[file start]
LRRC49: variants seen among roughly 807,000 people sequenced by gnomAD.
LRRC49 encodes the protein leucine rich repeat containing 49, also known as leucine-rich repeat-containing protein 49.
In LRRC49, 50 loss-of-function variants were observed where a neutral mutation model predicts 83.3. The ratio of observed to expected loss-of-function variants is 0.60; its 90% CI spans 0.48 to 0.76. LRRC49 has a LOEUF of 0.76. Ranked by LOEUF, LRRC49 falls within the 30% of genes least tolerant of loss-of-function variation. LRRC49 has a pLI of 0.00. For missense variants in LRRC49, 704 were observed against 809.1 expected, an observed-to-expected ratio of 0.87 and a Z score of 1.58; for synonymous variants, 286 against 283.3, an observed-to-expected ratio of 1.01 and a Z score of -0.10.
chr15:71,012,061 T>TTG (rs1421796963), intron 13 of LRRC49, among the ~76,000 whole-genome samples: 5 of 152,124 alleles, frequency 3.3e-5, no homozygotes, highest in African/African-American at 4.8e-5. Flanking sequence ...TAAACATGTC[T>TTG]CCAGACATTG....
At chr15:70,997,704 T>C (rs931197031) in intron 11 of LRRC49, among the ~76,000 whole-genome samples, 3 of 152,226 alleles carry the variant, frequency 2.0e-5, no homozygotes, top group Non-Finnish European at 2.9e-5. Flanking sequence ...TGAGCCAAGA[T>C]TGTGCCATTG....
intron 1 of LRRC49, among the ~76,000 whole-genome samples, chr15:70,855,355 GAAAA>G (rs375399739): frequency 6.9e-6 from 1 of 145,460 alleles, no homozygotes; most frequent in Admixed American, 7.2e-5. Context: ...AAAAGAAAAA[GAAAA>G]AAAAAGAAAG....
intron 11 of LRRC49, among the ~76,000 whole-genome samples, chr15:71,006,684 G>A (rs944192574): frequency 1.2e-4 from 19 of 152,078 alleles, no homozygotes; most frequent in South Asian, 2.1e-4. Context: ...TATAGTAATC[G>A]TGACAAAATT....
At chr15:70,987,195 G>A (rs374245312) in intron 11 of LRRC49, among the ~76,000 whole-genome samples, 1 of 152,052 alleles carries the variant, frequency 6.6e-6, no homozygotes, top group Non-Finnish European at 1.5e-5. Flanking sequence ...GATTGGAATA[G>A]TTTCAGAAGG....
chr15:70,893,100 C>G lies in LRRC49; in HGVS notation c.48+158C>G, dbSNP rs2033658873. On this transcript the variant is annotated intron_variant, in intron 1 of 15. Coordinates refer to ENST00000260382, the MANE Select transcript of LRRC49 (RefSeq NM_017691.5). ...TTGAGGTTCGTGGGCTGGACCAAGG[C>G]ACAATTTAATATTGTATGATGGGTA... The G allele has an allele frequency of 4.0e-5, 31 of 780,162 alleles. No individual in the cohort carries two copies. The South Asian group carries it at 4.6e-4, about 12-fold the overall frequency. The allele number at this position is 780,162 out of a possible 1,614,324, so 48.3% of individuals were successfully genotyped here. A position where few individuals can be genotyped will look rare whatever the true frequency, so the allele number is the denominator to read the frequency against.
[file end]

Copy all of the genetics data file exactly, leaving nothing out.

LRRC49: variants seen among roughly 807,000 people sequenced by gnomAD.
LRRC49 encodes the protein leucine rich repeat containing 49, also known as leucine-rich repeat-containing protein 49.
In LRRC49, 50 loss-of-function variants were observed where a neutral mutation model predicts 83.3. The ratio of observed to expected loss-of-function variants is 0.60; its 90% CI spans 0.48 to 0.76. LRRC49 has a LOEUF of 0.76. Ranked by LOEUF, LRRC49 falls within the 30% of genes least tolerant of loss-of-function variation. LRRC49 has a pLI of 0.00. For missense variants in LRRC49, 704 were observed against 809.1 expected, an observed-to-expected ratio of 0.87 and a Z score of 1.58; for synonymous variants, 286 against 283.3, an observed-to-expected ratio of 1.01 and a Z score of -0.10.
chr15:71,012,061 T>TTG (rs1421796963), intron 13 of LRRC49, among the ~76,000 whole-genome samples: 5 of 152,124 alleles, frequency 3.3e-5, no homozygotes, highest in African/African-American at 4.8e-5. Flanking sequence ...TAAACATGTC[T>TTG]CCAGACATTG....
At chr15:70,997,704 T>C (rs931197031) in intron 11 of LRRC49, among the ~76,000 whole-genome samples, 3 of 152,226 alleles carry the variant, frequency 2.0e-5, no homozygotes, top group Non-Finnish European at 2.9e-5. Flanking sequence ...TGAGCCAAGA[T>C]TGTGCCATTG....
intron 1 of LRRC49, among the ~76,000 whole-genome samples, chr15:70,855,355 GAAAA>G (rs375399739): frequency 6.9e-6 from 1 of 145,460 alleles, no homozygotes; most frequent in Admixed American, 7.2e-5. Context: ...AAAAGAAAAA[GAAAA>G]AAAAAGAAAG....
intron 11 of LRRC49, among the ~76,000 whole-genome samples, chr15:71,006,684 G>A (rs944192574): frequency 1.2e-4 from 19 of 152,078 alleles, no homozygotes; most frequent in South Asian, 2.1e-4. Context: ...TATAGTAATC[G>A]TGACAAAATT....
At chr15:70,987,195 G>A (rs374245312) in intron 11 of LRRC49, among the ~76,000 whole-genome samples, 1 of 152,052 alleles carries the variant, frequency 6.6e-6, no homozygotes, top group Non-Finnish European at 1.5e-5. Flanking sequence ...GATTGGAATA[G>A]TTTCAGAAGG....
chr15:70,893,100 C>G lies in LRRC49; in HGVS notation c.48+158C>G, dbSNP rs2033658873. On this transcript the variant is annotated intron_variant, in intron 1 of 15. Coordinates refer to ENST00000260382, the MANE Select transcript of LRRC49 (RefSeq NM_017691.5). ...TTGAGGTTCGTGGGCTGGACCAAGG[C>G]ACAATTTAATATTGTATGATGGGTA... The G allele has an allele frequency of 4.0e-5, 31 of 780,162 alleles. No individual in the cohort carries two copies. The South Asian group carries it at 4.6e-4, about 12-fold the overall frequency. The allele number at this position is 780,162 out of a possible 1,614,324, so 48.3% of individuals were successfully genotyped here. A position where few individuals can be genotyped will look rare whatever the true frequency, so the allele number is the denominator to read the frequency against.